Tuesday, February 16, 2016 - 10:00

Joining a book club after retirement could extend your life just as much as doing weekly exercise.

Dr Niklas Steffens and Dr Tegan Cruwys of The University of Queensland School of Psychology have published findings that indicate social groups are vital to longevity and wellbeing.

“Retirees reported a 10 per cent drop in quality of life for every group membership they lost after retiring,” Dr Steffens said.

“The research also shows that the more groups an individual belongs to in the first few years after they stop working, the lower their risk of death.

“For retirees who belonged to two social groups before retirement, their chance of death was two per cent if they maintained the same number of groups for six years afterwards.

“For those who lost membership of one group, the risk of death rose to five percent, while those who lost membership of both groups had a 12 per cent chance of dying in the six years that followed.”

Dr Steffens and Dr Cruwys collaborated with UQ researchers Professor Catherine Haslam, Professor Jolanda Jetten and Professor Alex Haslam to track the health of 424 people for six years after they retired.

All of the research subjects were living in England and at least 50 years of age.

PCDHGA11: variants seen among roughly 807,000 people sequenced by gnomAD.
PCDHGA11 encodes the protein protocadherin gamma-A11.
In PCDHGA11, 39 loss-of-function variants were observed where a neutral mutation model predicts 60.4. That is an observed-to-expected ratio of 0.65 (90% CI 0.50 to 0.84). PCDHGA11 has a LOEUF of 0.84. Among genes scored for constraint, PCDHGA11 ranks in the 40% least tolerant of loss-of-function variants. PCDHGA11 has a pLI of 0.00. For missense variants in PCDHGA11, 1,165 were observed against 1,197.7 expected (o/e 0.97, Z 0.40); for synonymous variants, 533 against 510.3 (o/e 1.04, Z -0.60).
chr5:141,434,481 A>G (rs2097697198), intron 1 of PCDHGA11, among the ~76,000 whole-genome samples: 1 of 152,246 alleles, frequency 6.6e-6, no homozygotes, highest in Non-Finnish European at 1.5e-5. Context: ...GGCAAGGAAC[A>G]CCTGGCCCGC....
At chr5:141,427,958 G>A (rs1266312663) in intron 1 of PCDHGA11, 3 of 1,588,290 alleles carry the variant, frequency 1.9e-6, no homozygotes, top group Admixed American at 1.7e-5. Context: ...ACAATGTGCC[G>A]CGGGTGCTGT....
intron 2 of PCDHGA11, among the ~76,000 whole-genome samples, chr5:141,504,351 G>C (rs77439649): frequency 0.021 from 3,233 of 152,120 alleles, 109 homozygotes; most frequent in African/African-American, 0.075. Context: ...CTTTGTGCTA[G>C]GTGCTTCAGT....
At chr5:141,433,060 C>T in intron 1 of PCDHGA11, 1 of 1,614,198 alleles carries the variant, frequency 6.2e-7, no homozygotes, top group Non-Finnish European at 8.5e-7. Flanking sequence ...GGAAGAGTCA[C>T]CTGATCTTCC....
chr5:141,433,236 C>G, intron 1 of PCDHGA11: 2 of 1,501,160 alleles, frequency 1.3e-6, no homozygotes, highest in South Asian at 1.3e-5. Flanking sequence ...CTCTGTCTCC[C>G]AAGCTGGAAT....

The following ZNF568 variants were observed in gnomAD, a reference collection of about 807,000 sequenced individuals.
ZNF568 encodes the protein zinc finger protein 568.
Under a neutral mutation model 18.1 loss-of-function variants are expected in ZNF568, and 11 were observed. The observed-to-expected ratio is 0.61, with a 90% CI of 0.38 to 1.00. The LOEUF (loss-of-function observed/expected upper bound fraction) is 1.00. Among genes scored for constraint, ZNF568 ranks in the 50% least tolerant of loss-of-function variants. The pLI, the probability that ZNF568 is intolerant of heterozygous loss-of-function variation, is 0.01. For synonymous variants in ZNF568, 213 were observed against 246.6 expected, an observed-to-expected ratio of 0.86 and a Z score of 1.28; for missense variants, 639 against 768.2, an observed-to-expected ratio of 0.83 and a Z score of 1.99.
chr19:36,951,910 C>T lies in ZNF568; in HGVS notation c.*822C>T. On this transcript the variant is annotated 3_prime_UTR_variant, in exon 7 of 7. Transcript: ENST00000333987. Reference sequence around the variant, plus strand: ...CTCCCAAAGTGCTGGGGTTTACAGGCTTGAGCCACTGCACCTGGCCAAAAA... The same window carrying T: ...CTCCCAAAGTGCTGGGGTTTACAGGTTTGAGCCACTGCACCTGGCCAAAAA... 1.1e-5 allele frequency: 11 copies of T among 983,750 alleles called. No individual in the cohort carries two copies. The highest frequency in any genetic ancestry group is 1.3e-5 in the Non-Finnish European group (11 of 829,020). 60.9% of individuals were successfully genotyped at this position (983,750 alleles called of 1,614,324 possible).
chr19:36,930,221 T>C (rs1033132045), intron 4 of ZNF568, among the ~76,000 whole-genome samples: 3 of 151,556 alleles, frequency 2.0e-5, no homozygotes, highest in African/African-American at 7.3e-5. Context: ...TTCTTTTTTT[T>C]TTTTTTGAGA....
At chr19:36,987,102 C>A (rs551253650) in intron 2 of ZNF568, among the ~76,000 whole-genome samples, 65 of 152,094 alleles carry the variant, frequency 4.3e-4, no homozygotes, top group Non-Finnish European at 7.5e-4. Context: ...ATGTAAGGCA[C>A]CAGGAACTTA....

The protective effect of maintaining group memberships in reducing the chance of death was similar to the effect of maintaining vigorous exercise over the same period.

If a person kept up one session of vigorous exercise a week in retirement, their chance of death was three per cent in the next six years.

Those who exercised less than once a week had a six per cent chance of death, while those who stopped altogether had an 11 per cent chance.

“Importantly, the benefits from maintaining social group memberships were not affected by the wealth, education or pre-retirement health of each participant,” Dr Cruwys said.

“At present a lot is invested into financial and medical planning ahead of retirement.

“Our research indicates that planning to maintain or increase your social group connections might yield equally high dividends.”

The  research is published in BMJ Open.

Media: Dr Niklas Steffens, n.steffens@uq.edu.au, +61 7 3346 9555; Robert Burgin, UQ Communications, r.burgin@uq.edu.au, +61 7 3346 3035, +61 448 410 364.